Auto manufacturing technology is speeding ahead so quickly that it risks leaving some in the industry lagging behind, according to speakers at the Automotive Advanced Technology Summit in Birmingham May 8. They say the future of auto manufacturing is filled with both promises and challenges, and that at the moment it is difficult to decipher how everything might shake out.
“We’re in a time of flux right now,” says Greg Harris, an associate professor in Auburn University’s College of Engineering and director of the Southern Alliance for Advanced Vehicle Manufacturing. “Vehicles aren’t going to go away, but (the industry) is changing. … And it’s changing at a rapid pace. If you have not started on your digital journey, you’re already behind.”
The conference, put on by international firm Advanced Business Events, and a number of corporate, education and government partners, was held in conjunction with the Aerospace Innovative Technology Summit at the Birmingham Jefferson Convention Complex. Organizers expect the conference to return to Birmingham in 2021 and 2023.
Wednesday’s summit was filled with high-tech catch phrases such as plug-and-play functionality, integrated capabilities, data analytics, and machine-to-machine communications. Tom Shoupe, executive vice president and COO at Honda of America, says that success in auto manufacturing will increasingly be determined by how well manufacturers and their suppliers can incorporate all this new technology into the production process.
“We are at a crossroads for our industry,” Shoupe says. “The coming years will truly shape how we look at technology. It will make or break some companies and redefine what it means to work in this industry. It will take careful and strategic management, with one eye on ensuring that we’re meeting the needs of our customers today, and the other eye on preparing for the needs of tomorrow.”
Harris says part of the dilemma facing the industry is the lack of a consensus blueprint for the best way to move forward. He notes that was not the case with many of the major auto technology breakthroughs of the past, such as Ford’s use of the assembly line or Toyota’s innovative Production System with its emphasis on efficiency and logistics.
“Other companies could look at what Ford or Toyota did at the time and say, “That’s what we want to be like. Those are the things we want to do. Let’s copy that,’” Harris says. “But what do you do when you start talking about cyber-visible systems and information flows? Right now, we don’t really have a good picture. We don’t have something that companies can point at and say, ‘That’s it. That’s what we want to be.’ … We’re still trying to determine how we can utilize and leverage technology to be better at the way we handle manufacturing.”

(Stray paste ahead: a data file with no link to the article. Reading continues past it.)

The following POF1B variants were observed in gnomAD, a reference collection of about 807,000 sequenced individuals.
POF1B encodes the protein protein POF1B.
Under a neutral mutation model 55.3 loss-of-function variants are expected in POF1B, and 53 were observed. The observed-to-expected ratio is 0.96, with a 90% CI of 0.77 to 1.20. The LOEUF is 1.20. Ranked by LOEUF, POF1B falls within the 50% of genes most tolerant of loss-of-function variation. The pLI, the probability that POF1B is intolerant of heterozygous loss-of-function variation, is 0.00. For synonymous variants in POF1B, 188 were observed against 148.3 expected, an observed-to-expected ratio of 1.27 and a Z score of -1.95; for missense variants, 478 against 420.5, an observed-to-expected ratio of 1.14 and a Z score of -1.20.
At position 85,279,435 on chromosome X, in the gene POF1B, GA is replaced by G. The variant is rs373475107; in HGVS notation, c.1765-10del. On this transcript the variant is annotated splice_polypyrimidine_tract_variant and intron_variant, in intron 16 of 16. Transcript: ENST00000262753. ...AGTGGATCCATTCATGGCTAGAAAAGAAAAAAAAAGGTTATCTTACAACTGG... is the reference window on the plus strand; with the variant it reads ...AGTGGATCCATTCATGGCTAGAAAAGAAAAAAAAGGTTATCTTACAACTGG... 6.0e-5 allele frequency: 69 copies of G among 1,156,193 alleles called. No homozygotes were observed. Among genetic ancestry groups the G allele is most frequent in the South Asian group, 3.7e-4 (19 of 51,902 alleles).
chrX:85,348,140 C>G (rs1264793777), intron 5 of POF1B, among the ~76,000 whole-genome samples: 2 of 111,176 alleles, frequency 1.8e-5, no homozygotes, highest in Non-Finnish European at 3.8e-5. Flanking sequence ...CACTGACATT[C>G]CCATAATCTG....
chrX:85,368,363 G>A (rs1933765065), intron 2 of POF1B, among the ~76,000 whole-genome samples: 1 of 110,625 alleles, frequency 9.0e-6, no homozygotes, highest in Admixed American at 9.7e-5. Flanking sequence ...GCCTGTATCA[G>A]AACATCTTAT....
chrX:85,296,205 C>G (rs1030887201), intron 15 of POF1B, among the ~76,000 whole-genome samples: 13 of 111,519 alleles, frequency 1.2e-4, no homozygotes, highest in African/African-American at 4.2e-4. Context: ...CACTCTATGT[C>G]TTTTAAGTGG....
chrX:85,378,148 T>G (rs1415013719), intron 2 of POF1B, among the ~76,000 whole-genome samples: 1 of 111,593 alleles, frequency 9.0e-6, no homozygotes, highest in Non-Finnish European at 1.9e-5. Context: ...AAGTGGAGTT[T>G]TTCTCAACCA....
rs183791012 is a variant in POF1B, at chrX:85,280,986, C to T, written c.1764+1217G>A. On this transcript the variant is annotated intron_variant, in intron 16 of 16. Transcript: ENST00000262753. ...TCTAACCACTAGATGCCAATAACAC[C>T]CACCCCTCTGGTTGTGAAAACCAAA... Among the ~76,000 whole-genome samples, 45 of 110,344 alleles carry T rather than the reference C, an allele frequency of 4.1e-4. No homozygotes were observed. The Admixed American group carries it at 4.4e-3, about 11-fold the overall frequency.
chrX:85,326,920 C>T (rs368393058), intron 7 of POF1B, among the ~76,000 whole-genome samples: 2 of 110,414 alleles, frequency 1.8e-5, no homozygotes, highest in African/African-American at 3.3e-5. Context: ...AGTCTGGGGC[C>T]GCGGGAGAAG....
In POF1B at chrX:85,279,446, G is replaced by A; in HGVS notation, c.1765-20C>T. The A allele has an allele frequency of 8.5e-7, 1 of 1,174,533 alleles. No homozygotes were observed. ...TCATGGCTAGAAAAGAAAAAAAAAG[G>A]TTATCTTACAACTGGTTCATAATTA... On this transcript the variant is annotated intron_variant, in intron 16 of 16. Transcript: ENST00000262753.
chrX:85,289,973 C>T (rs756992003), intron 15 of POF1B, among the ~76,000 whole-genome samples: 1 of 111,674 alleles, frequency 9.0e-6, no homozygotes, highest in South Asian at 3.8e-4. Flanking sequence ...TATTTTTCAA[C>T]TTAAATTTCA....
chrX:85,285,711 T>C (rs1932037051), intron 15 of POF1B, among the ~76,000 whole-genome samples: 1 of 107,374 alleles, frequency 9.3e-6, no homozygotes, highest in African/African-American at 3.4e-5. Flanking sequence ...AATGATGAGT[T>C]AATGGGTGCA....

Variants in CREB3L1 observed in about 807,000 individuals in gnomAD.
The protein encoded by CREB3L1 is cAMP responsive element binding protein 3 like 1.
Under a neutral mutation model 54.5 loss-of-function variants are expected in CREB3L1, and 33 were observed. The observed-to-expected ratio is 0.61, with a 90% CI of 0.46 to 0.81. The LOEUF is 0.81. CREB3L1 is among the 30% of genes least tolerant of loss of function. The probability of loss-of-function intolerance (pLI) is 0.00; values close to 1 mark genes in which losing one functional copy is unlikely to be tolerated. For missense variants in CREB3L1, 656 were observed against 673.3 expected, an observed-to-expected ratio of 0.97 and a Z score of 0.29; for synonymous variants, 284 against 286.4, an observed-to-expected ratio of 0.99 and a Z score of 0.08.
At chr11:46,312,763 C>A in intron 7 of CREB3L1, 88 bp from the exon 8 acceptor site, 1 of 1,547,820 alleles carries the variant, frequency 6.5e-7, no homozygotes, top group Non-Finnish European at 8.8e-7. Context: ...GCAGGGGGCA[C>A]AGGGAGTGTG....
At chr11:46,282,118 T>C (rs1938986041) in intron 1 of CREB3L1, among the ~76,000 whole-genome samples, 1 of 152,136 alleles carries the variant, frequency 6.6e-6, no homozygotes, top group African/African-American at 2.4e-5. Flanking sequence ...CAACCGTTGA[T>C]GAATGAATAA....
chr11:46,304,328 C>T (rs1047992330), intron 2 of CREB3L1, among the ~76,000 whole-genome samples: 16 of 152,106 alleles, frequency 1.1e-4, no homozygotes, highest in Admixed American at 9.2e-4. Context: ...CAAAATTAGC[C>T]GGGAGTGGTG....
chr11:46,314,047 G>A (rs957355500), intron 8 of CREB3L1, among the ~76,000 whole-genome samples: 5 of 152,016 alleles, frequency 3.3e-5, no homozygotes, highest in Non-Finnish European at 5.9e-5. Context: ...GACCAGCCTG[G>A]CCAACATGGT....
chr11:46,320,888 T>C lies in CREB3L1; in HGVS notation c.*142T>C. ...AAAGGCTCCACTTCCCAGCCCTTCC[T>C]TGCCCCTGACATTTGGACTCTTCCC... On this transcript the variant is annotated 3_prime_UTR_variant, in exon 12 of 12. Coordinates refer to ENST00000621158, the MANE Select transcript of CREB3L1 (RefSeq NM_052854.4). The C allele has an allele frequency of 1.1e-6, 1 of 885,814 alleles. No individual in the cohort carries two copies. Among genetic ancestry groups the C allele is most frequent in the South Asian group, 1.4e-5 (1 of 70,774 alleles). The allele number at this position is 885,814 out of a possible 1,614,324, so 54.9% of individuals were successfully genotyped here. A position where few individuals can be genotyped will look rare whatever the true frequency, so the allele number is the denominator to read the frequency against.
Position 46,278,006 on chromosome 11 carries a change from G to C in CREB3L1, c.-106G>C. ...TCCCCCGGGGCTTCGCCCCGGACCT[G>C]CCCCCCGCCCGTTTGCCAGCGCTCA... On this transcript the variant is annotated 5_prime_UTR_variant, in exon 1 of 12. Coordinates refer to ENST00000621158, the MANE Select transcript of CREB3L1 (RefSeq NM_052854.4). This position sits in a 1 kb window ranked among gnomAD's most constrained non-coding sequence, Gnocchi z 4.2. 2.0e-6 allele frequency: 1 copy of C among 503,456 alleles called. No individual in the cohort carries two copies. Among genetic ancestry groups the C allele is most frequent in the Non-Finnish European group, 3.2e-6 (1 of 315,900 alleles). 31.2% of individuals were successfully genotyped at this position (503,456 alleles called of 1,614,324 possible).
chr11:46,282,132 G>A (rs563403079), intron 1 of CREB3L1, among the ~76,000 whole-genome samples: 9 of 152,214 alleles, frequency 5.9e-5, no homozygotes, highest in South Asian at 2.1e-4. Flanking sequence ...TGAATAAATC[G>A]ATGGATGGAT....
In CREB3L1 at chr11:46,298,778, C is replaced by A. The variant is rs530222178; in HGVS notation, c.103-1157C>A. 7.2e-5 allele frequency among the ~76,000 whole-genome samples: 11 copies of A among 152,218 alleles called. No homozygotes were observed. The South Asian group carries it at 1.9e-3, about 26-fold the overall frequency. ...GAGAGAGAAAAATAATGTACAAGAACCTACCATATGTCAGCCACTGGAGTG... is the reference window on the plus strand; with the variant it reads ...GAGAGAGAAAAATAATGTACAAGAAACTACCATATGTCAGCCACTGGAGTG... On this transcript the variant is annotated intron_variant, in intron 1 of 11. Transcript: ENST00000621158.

The importance of technology and how it is altering the industry was strikingly evident at last year’s groundbreaking ceremony of the Mazda-Toyota plant near Huntsville, as a robot was used to turn the first shovel of dirt.
“We wanted to use technology at that site from the very beginning,” Mark Brazeal, vice president of Administration for Mazda-Toyota Manufacturing says. Brazeal adds that hiring for the new facility is already underway and the first workers will arrive on site in July, two years before the plant is scheduled to begin production.
Hiring those workers will not be as easy as it used to be, which is another potential problem facing the industry. There is an increasing shortage of skilled workers capable of handling high-tech manufacturing. Recent research studies have indicated more than 500,000 jobs across all of manufacturing in the United States currently are unfilled because of a lack of qualified applicants, a number that is predicted to increase to 2.4 million over the next decade.
“We face the challenge that fewer and fewer young people have both the skills and the interest to work in manufacturing,” Shoupe says. “This is what keeps us up at night. … We all need to take this situation seriously.”
Brad Newman, plant manager at ZF Chassis Systems in Tuscaloosa, says that “It’s a real challenge for us to fill the jobs we have open.” Workforce development opportunities for entry-level employees are vital to meeting this employment need, he says.
To that end, manufacturers are increasingly teaming with universities and technical colleges in order to train more skilled workers. In addition, Shoupe points out that Honda has started building training centers near its manufacturing facilities in order to help keep current employees updated on the latest technology.
Of course, all the training courses in the world won’t help if there still aren’t enough people interested in even pursuing a career in manufacturing. So in addition to providing the training, auto manufacturers also need to sell the industry, emphasizing how the profession today is nothing like the sweaty, wrench-turning jobs of previous generations.
“We must change the mindset that manufacturing is dirty or somehow not as good of a career as paths in other industries,” says Kevin Burgess, assistant manager General Affairs for Toyota Manufacturing Mississippi. “We believe that manufacturing is the backbone of our country and the fabric of our communities.”
For those auto manufacturers who can fill their jobs and harness the technology, then the benefits could be tremendous. Harris says that data processing in particular can lead to significant savings in both cost and time. He notes that he visited a German manufacturing plant last year that used approximately 11,000 machines to collect data about its operating process, then used that data to constantly make improvements.
“They are showing an 8-to-1 return on investment. That’s not something you can ignore,” Harris says. “There are huge benefits in overhead costs and other things still waiting to be discovered. It’s going to take some effort to work through this, but it’s possible and definitely worth it.”